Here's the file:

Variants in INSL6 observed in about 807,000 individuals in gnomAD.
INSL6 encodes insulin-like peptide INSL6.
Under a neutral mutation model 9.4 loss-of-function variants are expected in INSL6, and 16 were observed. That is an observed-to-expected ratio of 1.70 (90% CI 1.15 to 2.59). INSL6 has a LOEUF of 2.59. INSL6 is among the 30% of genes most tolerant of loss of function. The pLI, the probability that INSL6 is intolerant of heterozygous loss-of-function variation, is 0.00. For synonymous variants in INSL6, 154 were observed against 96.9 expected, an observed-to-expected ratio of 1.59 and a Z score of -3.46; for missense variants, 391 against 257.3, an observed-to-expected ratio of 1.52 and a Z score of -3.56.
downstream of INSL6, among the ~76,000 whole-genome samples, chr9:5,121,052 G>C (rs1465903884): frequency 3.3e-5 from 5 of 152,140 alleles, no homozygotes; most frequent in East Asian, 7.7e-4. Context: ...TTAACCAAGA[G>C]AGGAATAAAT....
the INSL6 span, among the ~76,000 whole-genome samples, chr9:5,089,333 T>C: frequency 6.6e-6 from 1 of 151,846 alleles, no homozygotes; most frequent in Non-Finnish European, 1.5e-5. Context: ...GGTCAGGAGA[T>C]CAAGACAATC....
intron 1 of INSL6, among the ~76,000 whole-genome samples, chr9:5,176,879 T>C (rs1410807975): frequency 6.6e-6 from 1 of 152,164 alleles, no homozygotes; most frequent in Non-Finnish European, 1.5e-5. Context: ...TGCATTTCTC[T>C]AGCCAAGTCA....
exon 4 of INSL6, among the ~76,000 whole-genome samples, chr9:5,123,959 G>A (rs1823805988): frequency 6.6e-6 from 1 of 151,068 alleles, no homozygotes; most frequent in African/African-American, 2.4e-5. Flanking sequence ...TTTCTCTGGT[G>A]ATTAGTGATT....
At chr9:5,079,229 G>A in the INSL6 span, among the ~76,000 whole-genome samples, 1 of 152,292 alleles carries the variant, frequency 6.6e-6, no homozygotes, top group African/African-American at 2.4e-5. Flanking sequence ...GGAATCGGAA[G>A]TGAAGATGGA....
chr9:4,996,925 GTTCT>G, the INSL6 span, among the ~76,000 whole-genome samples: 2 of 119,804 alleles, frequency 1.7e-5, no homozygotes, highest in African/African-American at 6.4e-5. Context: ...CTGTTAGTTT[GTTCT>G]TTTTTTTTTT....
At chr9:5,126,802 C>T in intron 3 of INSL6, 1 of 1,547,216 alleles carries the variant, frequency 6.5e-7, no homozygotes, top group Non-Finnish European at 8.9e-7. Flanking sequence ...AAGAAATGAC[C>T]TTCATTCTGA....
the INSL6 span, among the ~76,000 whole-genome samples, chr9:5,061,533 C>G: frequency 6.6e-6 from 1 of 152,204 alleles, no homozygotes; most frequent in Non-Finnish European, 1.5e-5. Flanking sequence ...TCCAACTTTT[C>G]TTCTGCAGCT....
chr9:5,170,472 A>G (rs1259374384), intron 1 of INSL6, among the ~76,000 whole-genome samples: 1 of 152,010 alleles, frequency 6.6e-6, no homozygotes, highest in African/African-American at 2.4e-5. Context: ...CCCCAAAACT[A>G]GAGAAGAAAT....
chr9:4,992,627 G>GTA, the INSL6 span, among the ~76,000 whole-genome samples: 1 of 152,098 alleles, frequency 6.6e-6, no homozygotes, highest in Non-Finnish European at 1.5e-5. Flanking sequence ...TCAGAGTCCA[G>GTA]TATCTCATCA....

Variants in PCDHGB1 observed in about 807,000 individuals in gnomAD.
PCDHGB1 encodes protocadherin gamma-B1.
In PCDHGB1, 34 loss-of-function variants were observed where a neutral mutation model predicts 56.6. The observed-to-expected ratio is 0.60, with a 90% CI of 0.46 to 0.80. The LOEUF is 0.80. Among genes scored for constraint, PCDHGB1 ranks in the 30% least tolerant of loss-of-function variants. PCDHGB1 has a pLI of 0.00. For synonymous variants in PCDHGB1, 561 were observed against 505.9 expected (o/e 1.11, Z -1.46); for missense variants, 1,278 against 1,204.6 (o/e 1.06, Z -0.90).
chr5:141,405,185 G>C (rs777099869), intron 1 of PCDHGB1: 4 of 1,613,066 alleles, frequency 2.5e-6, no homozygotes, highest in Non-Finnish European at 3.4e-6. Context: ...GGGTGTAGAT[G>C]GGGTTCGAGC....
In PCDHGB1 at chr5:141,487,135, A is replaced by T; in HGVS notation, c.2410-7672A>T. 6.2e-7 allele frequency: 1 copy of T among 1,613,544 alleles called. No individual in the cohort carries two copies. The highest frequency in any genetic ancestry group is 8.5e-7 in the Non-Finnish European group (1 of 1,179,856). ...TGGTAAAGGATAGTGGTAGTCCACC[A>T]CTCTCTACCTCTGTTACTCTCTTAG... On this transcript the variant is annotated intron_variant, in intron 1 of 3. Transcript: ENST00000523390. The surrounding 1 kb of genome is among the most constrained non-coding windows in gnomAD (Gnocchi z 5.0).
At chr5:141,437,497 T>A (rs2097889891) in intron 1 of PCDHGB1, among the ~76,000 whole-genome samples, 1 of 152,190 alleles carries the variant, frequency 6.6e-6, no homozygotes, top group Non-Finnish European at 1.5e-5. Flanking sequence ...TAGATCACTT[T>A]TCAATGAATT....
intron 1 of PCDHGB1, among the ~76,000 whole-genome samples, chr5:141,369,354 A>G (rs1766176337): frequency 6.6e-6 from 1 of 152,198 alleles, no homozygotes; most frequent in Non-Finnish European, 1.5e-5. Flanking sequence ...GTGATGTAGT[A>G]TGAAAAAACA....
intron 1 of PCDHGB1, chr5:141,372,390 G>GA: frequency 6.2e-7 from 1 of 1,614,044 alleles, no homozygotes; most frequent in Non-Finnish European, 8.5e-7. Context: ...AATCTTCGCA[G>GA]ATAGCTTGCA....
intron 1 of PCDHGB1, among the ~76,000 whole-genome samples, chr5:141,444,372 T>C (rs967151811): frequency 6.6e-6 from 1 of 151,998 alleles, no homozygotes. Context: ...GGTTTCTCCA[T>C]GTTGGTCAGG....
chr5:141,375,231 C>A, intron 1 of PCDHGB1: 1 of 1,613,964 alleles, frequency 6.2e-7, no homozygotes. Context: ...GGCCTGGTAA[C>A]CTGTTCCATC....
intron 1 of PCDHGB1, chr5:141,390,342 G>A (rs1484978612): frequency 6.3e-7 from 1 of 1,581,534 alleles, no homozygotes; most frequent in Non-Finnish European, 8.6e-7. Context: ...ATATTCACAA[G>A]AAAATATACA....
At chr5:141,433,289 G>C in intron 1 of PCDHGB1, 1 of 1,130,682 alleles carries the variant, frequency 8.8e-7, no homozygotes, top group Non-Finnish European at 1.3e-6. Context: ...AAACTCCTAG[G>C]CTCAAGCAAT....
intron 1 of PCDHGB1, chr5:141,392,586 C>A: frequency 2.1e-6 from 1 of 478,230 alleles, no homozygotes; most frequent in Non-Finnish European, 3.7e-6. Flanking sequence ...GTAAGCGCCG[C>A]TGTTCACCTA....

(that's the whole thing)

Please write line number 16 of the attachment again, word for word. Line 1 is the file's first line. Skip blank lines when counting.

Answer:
In PCDHGB1, 34 loss-of-function variants were observed where a neutral mutation model predicts 56.6. The observed-to-expected ratio is 0.60, with a 90% CI of 0.46 to 0.80. The LOEUF is 0.80. Among genes scored for constraint, PCDHGB1 ranks in the 30% least tolerant of loss-of-function variants. PCDHGB1 has a pLI of 0.00. For synonymous variants in PCDHGB1, 561 were observed against 505.9 expected (o/e 1.11, Z -1.46); for missense variants, 1,278 against 1,204.6 (o/e 1.06, Z -0.90).